To maximize the benefits and minimize the pitfalls, designers should envision the user experience as a carefully calibrated rollercoaster ride. Like the highs and lows of a coaster, cognitive dissonance should be intermittently introduced, followed by periods of relief and support.

Imagine a health app that regularly reminds users about missed workout sessions. If employed too frequently, these reminders could demotivate users. However, if, after a reminder, the app offers a tailored workout plan, supportive messages, or shares success stories, it provides that necessary relief. Then, once the user has had a chance to realign their actions with their self-perception, the app can reintroduce cognitive dissonance to push them towards their next milestone.

Too much ease and they stagnate; too much challenge and they retreat. Designers must strike the right balance, ensuring users remain motivated but not overwhelmed. It’s about keeping them on track, offering support, and then gently nudging them forward when they’re ready to take the next step.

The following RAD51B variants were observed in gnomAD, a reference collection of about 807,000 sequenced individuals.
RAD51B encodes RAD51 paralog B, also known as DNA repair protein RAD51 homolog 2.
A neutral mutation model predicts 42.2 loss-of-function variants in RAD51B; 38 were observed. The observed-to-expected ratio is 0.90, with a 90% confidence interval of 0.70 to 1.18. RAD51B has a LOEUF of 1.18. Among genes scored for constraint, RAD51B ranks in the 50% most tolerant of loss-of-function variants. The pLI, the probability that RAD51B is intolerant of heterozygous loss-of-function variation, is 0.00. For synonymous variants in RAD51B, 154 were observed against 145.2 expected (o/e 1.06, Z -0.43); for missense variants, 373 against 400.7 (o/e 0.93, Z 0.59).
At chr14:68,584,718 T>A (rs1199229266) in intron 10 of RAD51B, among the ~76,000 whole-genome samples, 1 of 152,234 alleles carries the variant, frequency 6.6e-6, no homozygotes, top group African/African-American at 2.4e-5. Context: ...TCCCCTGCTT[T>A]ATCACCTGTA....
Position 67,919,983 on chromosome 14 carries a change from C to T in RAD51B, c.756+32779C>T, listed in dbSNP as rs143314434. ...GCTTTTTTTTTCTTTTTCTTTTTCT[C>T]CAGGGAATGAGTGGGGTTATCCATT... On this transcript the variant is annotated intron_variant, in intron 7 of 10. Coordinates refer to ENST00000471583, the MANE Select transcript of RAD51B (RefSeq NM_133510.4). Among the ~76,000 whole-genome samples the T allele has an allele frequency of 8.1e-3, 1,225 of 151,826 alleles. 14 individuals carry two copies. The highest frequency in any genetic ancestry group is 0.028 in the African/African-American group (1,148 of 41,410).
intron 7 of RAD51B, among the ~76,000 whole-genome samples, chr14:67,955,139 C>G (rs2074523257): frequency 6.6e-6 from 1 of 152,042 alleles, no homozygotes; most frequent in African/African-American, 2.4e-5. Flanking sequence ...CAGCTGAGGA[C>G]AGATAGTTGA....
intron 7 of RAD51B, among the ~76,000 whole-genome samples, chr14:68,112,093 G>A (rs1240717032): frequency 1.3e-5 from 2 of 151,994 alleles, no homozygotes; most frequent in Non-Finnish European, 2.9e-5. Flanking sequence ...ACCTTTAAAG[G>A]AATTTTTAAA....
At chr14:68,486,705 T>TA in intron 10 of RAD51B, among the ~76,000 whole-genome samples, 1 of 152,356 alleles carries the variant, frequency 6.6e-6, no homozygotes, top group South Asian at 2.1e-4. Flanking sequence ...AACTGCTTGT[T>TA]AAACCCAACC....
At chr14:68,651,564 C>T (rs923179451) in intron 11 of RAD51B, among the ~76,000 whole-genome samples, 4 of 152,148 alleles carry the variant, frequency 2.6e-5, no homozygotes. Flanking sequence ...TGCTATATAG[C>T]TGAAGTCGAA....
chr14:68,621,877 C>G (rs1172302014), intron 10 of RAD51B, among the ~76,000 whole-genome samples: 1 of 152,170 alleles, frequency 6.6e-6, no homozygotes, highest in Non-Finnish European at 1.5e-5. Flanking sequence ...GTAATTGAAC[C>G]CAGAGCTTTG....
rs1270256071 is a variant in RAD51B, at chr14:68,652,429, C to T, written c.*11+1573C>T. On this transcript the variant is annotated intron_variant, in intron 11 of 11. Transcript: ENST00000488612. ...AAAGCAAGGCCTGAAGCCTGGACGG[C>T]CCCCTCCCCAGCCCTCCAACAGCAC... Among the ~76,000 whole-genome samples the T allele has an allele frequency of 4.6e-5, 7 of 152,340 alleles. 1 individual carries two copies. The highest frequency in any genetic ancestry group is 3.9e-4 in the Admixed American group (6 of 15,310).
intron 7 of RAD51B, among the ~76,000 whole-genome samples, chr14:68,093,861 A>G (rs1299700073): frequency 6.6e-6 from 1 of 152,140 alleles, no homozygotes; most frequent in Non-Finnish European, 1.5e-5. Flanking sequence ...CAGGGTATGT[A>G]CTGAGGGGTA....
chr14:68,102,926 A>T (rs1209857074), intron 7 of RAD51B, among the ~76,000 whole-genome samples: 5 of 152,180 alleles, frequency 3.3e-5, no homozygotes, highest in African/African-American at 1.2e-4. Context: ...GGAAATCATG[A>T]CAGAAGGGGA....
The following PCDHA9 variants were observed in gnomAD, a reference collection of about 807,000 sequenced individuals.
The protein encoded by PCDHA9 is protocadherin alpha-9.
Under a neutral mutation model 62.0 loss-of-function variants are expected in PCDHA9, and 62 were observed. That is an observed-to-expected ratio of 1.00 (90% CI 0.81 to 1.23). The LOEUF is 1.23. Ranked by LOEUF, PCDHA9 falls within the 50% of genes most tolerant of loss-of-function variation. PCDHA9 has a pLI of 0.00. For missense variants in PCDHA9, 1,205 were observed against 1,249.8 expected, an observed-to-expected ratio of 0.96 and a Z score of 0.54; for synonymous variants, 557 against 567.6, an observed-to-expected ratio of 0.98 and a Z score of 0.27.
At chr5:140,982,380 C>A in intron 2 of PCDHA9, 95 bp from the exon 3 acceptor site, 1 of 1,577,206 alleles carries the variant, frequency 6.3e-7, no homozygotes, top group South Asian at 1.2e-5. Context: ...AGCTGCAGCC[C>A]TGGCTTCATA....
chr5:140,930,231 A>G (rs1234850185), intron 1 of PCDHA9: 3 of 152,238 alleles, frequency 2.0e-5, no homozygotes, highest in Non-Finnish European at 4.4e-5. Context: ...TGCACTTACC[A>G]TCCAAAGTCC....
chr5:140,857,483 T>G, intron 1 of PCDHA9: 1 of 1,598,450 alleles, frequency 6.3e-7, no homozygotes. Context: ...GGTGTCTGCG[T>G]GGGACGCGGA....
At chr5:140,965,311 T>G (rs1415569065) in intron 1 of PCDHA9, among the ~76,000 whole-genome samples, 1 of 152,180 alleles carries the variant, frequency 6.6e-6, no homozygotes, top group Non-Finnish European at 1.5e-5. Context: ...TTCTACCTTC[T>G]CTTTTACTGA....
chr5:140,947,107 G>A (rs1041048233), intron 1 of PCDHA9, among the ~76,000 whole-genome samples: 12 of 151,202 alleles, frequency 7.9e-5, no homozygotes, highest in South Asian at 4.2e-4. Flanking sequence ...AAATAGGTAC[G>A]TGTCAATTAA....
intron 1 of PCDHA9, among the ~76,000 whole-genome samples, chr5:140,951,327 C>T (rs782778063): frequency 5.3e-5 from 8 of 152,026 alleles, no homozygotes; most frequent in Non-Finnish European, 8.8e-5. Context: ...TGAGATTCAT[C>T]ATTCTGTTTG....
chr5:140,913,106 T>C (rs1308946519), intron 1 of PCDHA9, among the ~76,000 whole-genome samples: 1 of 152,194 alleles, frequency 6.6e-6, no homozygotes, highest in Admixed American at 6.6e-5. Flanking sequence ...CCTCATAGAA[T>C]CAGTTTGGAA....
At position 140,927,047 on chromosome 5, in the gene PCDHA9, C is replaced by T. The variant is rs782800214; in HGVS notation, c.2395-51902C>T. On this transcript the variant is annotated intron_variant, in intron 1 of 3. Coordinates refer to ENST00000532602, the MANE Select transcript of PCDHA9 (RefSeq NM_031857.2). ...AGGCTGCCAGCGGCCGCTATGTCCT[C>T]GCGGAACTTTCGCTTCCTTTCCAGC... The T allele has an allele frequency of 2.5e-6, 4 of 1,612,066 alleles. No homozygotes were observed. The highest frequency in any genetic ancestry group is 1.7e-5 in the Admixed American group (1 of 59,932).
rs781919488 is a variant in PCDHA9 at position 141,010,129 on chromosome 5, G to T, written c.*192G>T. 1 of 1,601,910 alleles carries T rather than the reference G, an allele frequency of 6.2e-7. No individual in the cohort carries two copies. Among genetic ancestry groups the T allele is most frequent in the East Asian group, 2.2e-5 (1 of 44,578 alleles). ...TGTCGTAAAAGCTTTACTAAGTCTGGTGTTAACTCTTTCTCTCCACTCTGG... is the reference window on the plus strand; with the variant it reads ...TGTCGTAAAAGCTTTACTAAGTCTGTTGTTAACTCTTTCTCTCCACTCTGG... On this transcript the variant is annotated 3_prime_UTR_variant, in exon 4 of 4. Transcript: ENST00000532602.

Our actions influence subsequent beliefs and attitudes – they aren’t the result of them. The presence of cognitive dissonance, of being psychologically uncomfortable, motivates us to resolve the conflict in order to reduce the dissonance. Provoke cognitive dissonance and let users resolve the conflict by taking action.

The cognitive dissonance theory, counterintuitively, suggests that our actions can influence our subsequent beliefs and attitudes. As humans, we seek consistency among our attitudes, thoughts, and beliefs. Dissonance, or the state of discomfort, arises when there’s a conflict between these cognitions. This discomfort motivates us to resolve the conflict, either by reducing its importance, adding consonant cognitions, or changing the dissonant cognitions.